• Page 56 Chapter 7: Computer Link Function 2 Write byte-block data This is a message function used to write to a virtual address space (32-bit address space) in a target node on the network, in units of one byte at a time (each address = 8-bits). Be careful because the internal address map varies with the FL-net module you are using.
  • Page 57 Chapter 7: Computer Link Function 3 Read word-block data This is a message function used to read a virtual address space (32-bit address space) in a target node on the network in units of one word at a time (one address = 16-bits). Be careful because the internal address map varies with the FL-net module you are using.
  • Page 58 Chapter 7: Computer Link Function 4 Write word-block data This is a message function used to write to a virtual address space (32-bit address space) in a target node on the network in units of one word at a time (one address = 16-bits). Be careful because the internal address map varies with the FL-net module you are using.
  • Page 59 Chapter 7: Computer Link Function 5 Read network parameters This is a function used to read the network parameter data for a target node through the network. It reads the following data. Network parameter data - Node number - Vender name - Manufacturer model name - Node name (facility name) - Address and size of common memory...
  • Page 60 Chapter 7: Computer Link Function 6 Write network parameters This is a function used to change the network parameter data of a receiving node through the network. The following data can be changed. - Node name (facility name) - Address and size of common memory When the address and size of the common memory is changed, the receiving node leaves the network and re-enters it again.
  • Page 61 Chapter 7: Computer Link Function 7 Start, stop commands This is a function used to remotely start and stop the operation of equipment that is connected to the FL-net. Request message Response message Operation Operation instruction Request message Response message Stop Stop instruction 7-27...
  • Page 62 Chapter 7: Computer Link Function 8 Read profile This is a function used to remotely set the system parameters of a device profile that is the data for the receiving node. The following parameters are included in the system parameters. - Common parameters (essential) - Parameters peculiar to each device (optional) Request message...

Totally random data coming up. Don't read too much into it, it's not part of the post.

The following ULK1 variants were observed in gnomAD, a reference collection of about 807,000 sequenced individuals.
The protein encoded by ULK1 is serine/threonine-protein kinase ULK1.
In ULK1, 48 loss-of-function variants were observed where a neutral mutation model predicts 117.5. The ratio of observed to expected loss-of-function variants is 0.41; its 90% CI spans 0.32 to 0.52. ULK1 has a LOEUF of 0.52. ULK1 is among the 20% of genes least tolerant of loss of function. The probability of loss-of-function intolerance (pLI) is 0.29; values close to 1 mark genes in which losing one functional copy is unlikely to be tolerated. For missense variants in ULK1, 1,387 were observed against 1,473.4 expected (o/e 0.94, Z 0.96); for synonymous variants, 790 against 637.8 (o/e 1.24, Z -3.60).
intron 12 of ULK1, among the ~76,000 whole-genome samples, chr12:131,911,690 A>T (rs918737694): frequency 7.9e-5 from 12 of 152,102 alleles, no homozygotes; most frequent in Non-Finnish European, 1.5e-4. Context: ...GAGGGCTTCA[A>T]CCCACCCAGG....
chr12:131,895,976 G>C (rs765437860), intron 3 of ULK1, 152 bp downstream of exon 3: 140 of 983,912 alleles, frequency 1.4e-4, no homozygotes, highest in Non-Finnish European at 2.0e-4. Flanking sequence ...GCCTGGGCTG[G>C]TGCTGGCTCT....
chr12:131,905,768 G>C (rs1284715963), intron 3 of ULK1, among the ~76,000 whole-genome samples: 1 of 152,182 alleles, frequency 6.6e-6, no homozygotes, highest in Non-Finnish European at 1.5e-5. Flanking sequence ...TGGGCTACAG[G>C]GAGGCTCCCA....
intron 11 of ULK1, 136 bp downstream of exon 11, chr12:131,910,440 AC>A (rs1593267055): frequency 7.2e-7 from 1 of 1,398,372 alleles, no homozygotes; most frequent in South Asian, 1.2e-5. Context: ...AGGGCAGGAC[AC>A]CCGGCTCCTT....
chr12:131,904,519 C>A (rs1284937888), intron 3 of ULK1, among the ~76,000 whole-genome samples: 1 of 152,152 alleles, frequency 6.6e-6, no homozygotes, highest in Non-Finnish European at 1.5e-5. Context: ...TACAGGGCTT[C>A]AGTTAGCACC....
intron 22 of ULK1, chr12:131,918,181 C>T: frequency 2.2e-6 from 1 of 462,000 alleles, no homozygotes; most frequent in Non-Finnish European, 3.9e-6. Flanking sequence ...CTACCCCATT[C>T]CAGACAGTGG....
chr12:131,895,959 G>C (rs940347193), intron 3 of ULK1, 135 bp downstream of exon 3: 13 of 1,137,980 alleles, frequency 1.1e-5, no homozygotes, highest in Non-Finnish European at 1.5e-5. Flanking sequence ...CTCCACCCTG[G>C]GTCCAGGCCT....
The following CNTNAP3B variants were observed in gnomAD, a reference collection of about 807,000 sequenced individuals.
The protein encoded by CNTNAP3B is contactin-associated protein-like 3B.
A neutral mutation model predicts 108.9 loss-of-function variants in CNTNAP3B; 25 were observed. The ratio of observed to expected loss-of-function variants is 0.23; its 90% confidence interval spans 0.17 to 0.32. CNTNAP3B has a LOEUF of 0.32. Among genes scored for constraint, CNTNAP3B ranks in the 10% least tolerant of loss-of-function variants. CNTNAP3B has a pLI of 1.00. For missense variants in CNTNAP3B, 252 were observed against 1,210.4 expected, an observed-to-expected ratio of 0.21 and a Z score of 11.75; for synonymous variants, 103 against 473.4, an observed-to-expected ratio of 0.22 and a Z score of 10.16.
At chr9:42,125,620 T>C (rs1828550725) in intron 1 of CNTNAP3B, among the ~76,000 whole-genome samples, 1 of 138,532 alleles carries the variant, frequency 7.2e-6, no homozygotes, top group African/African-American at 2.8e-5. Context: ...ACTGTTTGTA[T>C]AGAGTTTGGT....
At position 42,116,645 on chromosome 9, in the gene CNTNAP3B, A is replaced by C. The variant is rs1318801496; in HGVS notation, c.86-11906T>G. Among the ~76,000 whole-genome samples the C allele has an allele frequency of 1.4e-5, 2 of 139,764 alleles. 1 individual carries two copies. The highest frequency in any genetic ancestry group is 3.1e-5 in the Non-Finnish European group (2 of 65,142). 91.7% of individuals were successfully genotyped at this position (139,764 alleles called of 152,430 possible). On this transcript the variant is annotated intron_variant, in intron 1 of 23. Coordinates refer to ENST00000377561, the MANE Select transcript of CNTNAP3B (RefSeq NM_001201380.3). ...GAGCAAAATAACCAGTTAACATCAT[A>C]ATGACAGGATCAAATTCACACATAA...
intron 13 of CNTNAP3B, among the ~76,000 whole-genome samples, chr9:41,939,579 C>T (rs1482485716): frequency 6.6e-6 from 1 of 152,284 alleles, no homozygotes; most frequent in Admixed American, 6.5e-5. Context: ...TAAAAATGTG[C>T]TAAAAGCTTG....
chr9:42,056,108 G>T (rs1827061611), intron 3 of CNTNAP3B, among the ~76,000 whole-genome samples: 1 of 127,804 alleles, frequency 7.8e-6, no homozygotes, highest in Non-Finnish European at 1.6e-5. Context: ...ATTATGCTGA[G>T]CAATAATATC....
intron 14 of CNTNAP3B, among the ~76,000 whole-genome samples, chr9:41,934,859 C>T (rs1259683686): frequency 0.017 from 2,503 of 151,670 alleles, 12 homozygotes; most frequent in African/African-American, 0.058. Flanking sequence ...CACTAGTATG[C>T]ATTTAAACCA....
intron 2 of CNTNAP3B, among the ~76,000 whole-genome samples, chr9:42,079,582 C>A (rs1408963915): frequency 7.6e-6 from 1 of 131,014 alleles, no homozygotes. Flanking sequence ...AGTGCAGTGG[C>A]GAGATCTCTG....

• Page 63 Chapter 7: Computer Link Function 9 Read log data This is a function used to read the log data of the receiving node. Request message Response message Communication log data 0 Clear log data This is a function used to clear log data of the receiving node. Request message Response message Clear...
  • Page 64 Chapter 7: Computer Link Function q Return message This is a function used to send back a message that has been received. The FL-net automatically returns messages. Request message Response message w Transfer transmission message This is a function used to provide a transmission service to the FL-net upper layer. This function informs received message to the FL-net upper layer.
  • Page 65: Chapter 8: Cyclic Transfer

    Chapter 8: Cyclic Transfer Chapter 8: Cyclic Transfer To execute a cyclic transfer using the FL-net module (JW-20FL5/20FLT and JW-50FL) and FL-net board (Z-336J), the parameters in the common memory areas (area 1 and 2) must be set. Token Data...
  • Page 66 Chapter 8: Cyclic Transfer Notes on the common memory areas The common memory areas (area 1 and 2) can also be set using the following procedures. 1. There is no need to allocate sequential node numbers. [Example] Node Node Node Node 2 Node 2 Node 2...
  • Page 67: Setting Procedures

    Chapter 8: Cyclic Transfer 8-1 Setting procedures This section describes all of the FL-net module setting procedures. For details about message transfers, the communication management area, and the SEND/RECEIVE function, see the respective chapters. 1 Specify a parameter area See Chapter 12. A parameter area is allocated within the control module.